Adaptive learning is a term used a lot, but its actual application varies enormously. As the word suggests, ‘adaptivity’ is all about adapting. When it comes to learning, adaptivity means adjusting to the learner. You can adjust the level, pace, content, and medium of learning. While adaptive learning is often focused on catering to learners who struggle, it is also smart to adapt a learning process to learners who are finding it very easy.
Oftentimes, adaptive learning is executed at a meso level. Before a course or training, learners take a diagnostic test and get a personalized learning path based on the results. They can then follow some training courses that correspond with the results of the test. This might sound useful, but it is actually quite ineffective. Here’s why:
- First of all, these tests hardly give you any insights into someone’s proficiency level. A test is just a snapshot of someone’s knowledge. It usually just reflects a temporary peak of knowledge. Plus, you might want to take into consideration that someone might have guessed some answers right.
- Secondly, if you stop adaptivity at a test at the very beginning of a learning program, then what comes after? Classroom trainings, books, PDFs, e-learning modules? Notice that these methods are quite traditional and don’t require much effort. You can easily click through e-learning or sit out a lecture or webinar. Why do that when there are more innovating learning methods that are proven to be much more effective?
- Lastly, how would you know whether someone truly understands the information? How do you know if someone a) has read the book, b) understands the information, and c) knows how to apply it? You want to get more insight into true proficiency levels and how to adjust to that.You can read more about adaptive learning and in what ways it can be applied, in the article ‘Adjust to adaptive learning’.
At Drillster, we think adaptive learning can be done smarter, better, more thoroughly, and most importantly on a micro level. Whereas we do offer a diagnostic test, we also apply adaptive learning at the micro level to make learning more efficient and truly personalized for every individual.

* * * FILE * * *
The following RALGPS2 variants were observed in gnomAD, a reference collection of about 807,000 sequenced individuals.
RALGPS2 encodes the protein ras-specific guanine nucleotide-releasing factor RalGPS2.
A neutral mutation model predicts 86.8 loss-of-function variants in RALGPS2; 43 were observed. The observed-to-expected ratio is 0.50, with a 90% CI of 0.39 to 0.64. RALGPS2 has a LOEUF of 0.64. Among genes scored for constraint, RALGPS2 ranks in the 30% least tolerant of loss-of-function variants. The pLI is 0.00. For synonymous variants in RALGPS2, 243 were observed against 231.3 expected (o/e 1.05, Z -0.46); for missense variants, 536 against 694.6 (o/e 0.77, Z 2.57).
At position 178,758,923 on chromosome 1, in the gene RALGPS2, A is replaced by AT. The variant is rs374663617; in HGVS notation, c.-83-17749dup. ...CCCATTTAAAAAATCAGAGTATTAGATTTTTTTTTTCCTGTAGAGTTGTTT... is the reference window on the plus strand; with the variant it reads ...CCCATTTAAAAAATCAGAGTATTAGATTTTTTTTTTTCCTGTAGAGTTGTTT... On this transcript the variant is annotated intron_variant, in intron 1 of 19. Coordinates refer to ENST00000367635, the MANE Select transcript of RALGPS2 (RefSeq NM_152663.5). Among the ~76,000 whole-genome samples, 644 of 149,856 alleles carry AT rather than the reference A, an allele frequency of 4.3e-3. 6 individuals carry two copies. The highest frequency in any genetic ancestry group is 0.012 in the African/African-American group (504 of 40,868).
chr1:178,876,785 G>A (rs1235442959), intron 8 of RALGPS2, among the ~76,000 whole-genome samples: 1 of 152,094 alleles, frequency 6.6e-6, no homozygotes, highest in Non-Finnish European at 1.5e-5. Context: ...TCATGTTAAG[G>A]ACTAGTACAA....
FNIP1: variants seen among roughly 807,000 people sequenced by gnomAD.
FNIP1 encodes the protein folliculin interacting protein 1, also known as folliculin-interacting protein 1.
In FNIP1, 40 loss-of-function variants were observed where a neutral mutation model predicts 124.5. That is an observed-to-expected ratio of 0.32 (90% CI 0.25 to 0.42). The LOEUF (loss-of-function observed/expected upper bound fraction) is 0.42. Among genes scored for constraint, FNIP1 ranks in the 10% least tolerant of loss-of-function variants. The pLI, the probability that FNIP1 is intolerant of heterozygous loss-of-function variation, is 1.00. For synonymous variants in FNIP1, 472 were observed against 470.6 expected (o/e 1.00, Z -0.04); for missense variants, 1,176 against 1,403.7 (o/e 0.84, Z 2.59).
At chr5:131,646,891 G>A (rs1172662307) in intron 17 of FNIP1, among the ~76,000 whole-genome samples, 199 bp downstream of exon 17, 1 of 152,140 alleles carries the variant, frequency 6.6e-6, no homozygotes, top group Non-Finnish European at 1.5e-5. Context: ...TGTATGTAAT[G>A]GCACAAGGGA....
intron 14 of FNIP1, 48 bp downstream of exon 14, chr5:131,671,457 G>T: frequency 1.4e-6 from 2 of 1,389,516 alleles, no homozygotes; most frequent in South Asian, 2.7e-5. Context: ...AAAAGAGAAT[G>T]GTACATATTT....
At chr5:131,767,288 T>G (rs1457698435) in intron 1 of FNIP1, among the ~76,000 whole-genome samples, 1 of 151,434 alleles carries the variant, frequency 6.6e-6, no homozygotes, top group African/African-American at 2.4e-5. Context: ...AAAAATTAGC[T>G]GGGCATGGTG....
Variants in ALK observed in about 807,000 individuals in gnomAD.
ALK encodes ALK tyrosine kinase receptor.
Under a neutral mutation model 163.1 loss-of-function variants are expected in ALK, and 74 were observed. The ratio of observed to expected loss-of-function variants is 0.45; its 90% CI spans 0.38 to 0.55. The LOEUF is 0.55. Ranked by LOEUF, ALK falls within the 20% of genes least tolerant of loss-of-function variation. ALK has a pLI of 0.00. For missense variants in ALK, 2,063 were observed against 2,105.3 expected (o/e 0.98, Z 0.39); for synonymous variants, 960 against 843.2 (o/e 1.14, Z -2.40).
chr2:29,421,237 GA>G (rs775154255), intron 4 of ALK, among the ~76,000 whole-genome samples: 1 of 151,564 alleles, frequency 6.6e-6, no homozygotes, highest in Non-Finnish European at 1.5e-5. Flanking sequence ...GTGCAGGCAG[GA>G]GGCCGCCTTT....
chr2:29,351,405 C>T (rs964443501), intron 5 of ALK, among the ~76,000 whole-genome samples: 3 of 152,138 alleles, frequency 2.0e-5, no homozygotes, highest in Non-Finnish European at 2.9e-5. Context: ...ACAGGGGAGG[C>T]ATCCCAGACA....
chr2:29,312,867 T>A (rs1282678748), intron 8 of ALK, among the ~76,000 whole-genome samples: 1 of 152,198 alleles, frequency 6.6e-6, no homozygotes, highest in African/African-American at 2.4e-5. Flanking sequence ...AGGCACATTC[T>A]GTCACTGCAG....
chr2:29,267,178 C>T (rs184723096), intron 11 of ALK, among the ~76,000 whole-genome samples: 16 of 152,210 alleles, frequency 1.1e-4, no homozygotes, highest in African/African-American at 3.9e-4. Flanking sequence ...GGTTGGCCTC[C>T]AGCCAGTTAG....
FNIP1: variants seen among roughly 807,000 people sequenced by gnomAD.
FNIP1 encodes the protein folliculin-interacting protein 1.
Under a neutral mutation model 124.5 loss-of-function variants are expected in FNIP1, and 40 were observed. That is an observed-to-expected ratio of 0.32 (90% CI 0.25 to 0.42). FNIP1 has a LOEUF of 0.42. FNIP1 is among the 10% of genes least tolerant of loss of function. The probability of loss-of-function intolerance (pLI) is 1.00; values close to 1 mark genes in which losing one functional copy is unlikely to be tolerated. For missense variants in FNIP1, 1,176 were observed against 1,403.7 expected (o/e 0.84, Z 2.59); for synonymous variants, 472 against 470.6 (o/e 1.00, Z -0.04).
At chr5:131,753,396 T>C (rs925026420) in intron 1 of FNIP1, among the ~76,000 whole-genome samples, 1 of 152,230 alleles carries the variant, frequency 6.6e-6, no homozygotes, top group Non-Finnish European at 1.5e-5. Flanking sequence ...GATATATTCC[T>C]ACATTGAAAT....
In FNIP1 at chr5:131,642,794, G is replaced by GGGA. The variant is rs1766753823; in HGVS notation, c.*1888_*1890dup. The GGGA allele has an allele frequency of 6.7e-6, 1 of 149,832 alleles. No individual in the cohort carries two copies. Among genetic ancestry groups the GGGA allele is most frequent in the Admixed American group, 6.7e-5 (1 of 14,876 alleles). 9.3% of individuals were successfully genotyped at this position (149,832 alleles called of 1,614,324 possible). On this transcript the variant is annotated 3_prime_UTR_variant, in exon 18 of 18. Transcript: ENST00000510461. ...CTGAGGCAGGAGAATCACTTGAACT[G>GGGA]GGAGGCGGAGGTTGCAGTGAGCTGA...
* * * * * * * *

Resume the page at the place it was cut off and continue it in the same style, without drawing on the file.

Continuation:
The more adaptivity, the better. We apply this in our algorithm in various ways, both in the short and long term. Drillster is assessment-based, meaning learners learn by answering questions. With every question answered, the algorithm learns something about the person: was the answer right or wrong, how often does this person get answers to questions (variants) about this knowledge element right or wrong, and when did this person last do the drill? Someone may get an answer right without truly mastering the knowledge. So, the chances of guessing correctly are factored in, and learners get multiple questions about each knowledge element.
All this information is used to select the next question, determine when someone has reached the right knowledge level, and detect when knowledge has dropped below the required level. After all, knowledge can be forgotten rather quickly. Based on the results, the algorithm calculates when it is time for someone to work on getting their knowledge level back up. They will then get a notification asking them to do the drill again. The questions they then get will focus mainly on the material struggled with previously. Drillster also checks whether the material that the learner found easy is still present in their memory. If it turns out that the knowledge is becoming increasingly well anchored, the interval when someone is prompted to practice again will gradually become longer. This all will lead to continuous proficiency, even in the long term.
Curious about the Drillster way of learning? Let’s have a chat!